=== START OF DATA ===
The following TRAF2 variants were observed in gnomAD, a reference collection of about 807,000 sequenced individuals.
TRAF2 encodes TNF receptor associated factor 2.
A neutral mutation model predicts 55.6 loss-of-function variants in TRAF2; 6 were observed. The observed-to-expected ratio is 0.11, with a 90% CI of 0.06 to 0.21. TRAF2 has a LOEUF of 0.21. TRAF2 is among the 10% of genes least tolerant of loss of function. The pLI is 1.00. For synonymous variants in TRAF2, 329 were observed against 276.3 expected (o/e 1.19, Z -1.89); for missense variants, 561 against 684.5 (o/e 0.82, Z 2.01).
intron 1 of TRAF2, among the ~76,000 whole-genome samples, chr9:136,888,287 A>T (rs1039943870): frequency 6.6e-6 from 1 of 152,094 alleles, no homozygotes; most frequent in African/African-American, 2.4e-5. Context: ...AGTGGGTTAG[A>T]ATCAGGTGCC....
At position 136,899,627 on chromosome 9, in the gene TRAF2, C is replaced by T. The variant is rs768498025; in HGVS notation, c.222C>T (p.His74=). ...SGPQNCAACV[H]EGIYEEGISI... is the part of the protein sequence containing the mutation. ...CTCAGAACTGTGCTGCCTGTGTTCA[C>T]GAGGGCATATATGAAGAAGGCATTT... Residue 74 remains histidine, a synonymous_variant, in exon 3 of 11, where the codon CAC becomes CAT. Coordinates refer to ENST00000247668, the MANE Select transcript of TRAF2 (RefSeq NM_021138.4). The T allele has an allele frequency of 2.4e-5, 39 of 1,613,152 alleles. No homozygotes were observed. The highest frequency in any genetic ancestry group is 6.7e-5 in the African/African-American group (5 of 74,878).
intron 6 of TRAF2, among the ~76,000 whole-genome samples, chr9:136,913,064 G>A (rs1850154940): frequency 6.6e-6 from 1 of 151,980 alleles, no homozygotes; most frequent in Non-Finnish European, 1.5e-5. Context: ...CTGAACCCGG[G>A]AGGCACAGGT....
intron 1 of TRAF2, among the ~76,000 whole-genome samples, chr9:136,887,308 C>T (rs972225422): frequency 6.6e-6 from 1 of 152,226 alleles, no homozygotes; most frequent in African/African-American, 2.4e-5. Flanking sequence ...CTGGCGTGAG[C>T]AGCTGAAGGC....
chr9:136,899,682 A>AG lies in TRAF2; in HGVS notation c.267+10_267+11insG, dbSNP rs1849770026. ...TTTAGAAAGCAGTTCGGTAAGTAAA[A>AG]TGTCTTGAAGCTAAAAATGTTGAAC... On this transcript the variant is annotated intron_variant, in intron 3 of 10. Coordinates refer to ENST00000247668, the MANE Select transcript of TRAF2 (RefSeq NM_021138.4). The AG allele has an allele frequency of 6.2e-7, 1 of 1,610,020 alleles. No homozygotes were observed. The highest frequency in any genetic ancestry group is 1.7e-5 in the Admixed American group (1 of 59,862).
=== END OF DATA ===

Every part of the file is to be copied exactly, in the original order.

The following TRAF2 variants were observed in gnomAD, a reference collection of about 807,000 sequenced individuals.
TRAF2 encodes TNF receptor associated factor 2.
A neutral mutation model predicts 55.6 loss-of-function variants in TRAF2; 6 were observed. The observed-to-expected ratio is 0.11, with a 90% CI of 0.06 to 0.21. TRAF2 has a LOEUF of 0.21. TRAF2 is among the 10% of genes least tolerant of loss of function. The pLI is 1.00. For synonymous variants in TRAF2, 329 were observed against 276.3 expected (o/e 1.19, Z -1.89); for missense variants, 561 against 684.5 (o/e 0.82, Z 2.01).
intron 1 of TRAF2, among the ~76,000 whole-genome samples, chr9:136,888,287 A>T (rs1039943870): frequency 6.6e-6 from 1 of 152,094 alleles, no homozygotes; most frequent in African/African-American, 2.4e-5. Context: ...AGTGGGTTAG[A>T]ATCAGGTGCC....
At position 136,899,627 on chromosome 9, in the gene TRAF2, C is replaced by T. The variant is rs768498025; in HGVS notation, c.222C>T (p.His74=). ...SGPQNCAACV[H]EGIYEEGISI... is the part of the protein sequence containing the mutation. ...CTCAGAACTGTGCTGCCTGTGTTCA[C>T]GAGGGCATATATGAAGAAGGCATTT... Residue 74 remains histidine, a synonymous_variant, in exon 3 of 11, where the codon CAC becomes CAT. Coordinates refer to ENST00000247668, the MANE Select transcript of TRAF2 (RefSeq NM_021138.4). The T allele has an allele frequency of 2.4e-5, 39 of 1,613,152 alleles. No homozygotes were observed. The highest frequency in any genetic ancestry group is 6.7e-5 in the African/African-American group (5 of 74,878).
intron 6 of TRAF2, among the ~76,000 whole-genome samples, chr9:136,913,064 G>A (rs1850154940): frequency 6.6e-6 from 1 of 151,980 alleles, no homozygotes; most frequent in Non-Finnish European, 1.5e-5. Context: ...CTGAACCCGG[G>A]AGGCACAGGT....
intron 1 of TRAF2, among the ~76,000 whole-genome samples, chr9:136,887,308 C>T (rs972225422): frequency 6.6e-6 from 1 of 152,226 alleles, no homozygotes; most frequent in African/African-American, 2.4e-5. Flanking sequence ...CTGGCGTGAG[C>T]AGCTGAAGGC....
chr9:136,899,682 A>AG lies in TRAF2; in HGVS notation c.267+10_267+11insG, dbSNP rs1849770026. ...TTTAGAAAGCAGTTCGGTAAGTAAA[A>AG]TGTCTTGAAGCTAAAAATGTTGAAC... On this transcript the variant is annotated intron_variant, in intron 3 of 10. Coordinates refer to ENST00000247668, the MANE Select transcript of TRAF2 (RefSeq NM_021138.4). The AG allele has an allele frequency of 6.2e-7, 1 of 1,610,020 alleles. No homozygotes were observed. The highest frequency in any genetic ancestry group is 1.7e-5 in the Admixed American group (1 of 59,862).